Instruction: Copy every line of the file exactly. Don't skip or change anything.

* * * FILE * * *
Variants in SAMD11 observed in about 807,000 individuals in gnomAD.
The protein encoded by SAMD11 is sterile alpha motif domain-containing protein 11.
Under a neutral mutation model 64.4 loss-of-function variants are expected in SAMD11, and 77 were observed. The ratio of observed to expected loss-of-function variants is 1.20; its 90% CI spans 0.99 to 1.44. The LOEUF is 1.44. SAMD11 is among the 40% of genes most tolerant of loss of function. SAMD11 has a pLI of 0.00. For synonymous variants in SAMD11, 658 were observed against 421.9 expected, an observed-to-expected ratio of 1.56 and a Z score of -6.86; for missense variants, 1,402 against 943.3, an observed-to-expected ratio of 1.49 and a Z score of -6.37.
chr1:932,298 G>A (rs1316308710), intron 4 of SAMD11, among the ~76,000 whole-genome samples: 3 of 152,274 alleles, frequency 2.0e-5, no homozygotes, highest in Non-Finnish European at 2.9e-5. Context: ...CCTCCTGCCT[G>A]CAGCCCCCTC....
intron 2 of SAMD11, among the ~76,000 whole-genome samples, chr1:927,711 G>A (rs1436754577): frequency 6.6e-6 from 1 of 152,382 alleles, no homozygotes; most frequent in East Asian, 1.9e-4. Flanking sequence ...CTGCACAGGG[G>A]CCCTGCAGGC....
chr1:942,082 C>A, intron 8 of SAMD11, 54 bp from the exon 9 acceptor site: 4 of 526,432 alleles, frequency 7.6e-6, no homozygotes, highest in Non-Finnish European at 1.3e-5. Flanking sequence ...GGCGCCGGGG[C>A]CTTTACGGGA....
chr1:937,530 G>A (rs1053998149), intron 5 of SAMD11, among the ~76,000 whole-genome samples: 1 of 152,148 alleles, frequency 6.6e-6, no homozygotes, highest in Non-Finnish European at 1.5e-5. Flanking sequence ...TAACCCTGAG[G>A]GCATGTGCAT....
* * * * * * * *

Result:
Variants in SAMD11 observed in about 807,000 individuals in gnomAD.
The protein encoded by SAMD11 is sterile alpha motif domain-containing protein 11.
Under a neutral mutation model 64.4 loss-of-function variants are expected in SAMD11, and 77 were observed. The ratio of observed to expected loss-of-function variants is 1.20; its 90% CI spans 0.99 to 1.44. The LOEUF is 1.44. SAMD11 is among the 40% of genes most tolerant of loss of function. SAMD11 has a pLI of 0.00. For synonymous variants in SAMD11, 658 were observed against 421.9 expected, an observed-to-expected ratio of 1.56 and a Z score of -6.86; for missense variants, 1,402 against 943.3, an observed-to-expected ratio of 1.49 and a Z score of -6.37.
chr1:932,298 G>A (rs1316308710), intron 4 of SAMD11, among the ~76,000 whole-genome samples: 3 of 152,274 alleles, frequency 2.0e-5, no homozygotes, highest in Non-Finnish European at 2.9e-5. Context: ...CCTCCTGCCT[G>A]CAGCCCCCTC....
intron 2 of SAMD11, among the ~76,000 whole-genome samples, chr1:927,711 G>A (rs1436754577): frequency 6.6e-6 from 1 of 152,382 alleles, no homozygotes; most frequent in East Asian, 1.9e-4. Flanking sequence ...CTGCACAGGG[G>A]CCCTGCAGGC....
chr1:942,082 C>A, intron 8 of SAMD11, 54 bp from the exon 9 acceptor site: 4 of 526,432 alleles, frequency 7.6e-6, no homozygotes, highest in Non-Finnish European at 1.3e-5. Flanking sequence ...GGCGCCGGGG[C>A]CTTTACGGGA....
chr1:937,530 G>A (rs1053998149), intron 5 of SAMD11, among the ~76,000 whole-genome samples: 1 of 152,148 alleles, frequency 6.6e-6, no homozygotes, highest in Non-Finnish European at 1.5e-5. Flanking sequence ...TAACCCTGAG[G>A]GCATGTGCAT....